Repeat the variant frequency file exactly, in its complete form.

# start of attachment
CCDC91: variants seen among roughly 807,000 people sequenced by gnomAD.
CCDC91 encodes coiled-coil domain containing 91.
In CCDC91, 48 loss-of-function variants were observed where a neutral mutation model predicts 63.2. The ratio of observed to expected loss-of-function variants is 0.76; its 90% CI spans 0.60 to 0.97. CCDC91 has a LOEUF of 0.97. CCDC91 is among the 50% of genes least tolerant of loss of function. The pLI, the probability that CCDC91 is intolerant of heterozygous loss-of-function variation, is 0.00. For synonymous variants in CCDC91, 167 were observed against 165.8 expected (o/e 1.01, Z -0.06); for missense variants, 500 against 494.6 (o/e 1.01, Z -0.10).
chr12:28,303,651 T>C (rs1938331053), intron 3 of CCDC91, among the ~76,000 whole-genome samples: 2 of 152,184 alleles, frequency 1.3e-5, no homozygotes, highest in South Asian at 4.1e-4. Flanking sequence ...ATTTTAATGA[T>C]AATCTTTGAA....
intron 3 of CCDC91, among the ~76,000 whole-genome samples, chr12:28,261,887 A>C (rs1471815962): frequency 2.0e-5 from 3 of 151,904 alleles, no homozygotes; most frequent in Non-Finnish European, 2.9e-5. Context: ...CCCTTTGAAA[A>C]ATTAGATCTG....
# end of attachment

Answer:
CCDC91: variants seen among roughly 807,000 people sequenced by gnomAD.
CCDC91 encodes coiled-coil domain containing 91.
In CCDC91, 48 loss-of-function variants were observed where a neutral mutation model predicts 63.2. The ratio of observed to expected loss-of-function variants is 0.76; its 90% CI spans 0.60 to 0.97. CCDC91 has a LOEUF of 0.97. CCDC91 is among the 50% of genes least tolerant of loss of function. The pLI, the probability that CCDC91 is intolerant of heterozygous loss-of-function variation, is 0.00. For synonymous variants in CCDC91, 167 were observed against 165.8 expected (o/e 1.01, Z -0.06); for missense variants, 500 against 494.6 (o/e 1.01, Z -0.10).
chr12:28,303,651 T>C (rs1938331053), intron 3 of CCDC91, among the ~76,000 whole-genome samples: 2 of 152,184 alleles, frequency 1.3e-5, no homozygotes, highest in South Asian at 4.1e-4. Flanking sequence ...ATTTTAATGA[T>C]AATCTTTGAA....
intron 3 of CCDC91, among the ~76,000 whole-genome samples, chr12:28,261,887 A>C (rs1471815962): frequency 2.0e-5 from 3 of 151,904 alleles, no homozygotes; most frequent in Non-Finnish European, 2.9e-5. Context: ...CCCTTTGAAA[A>C]ATTAGATCTG....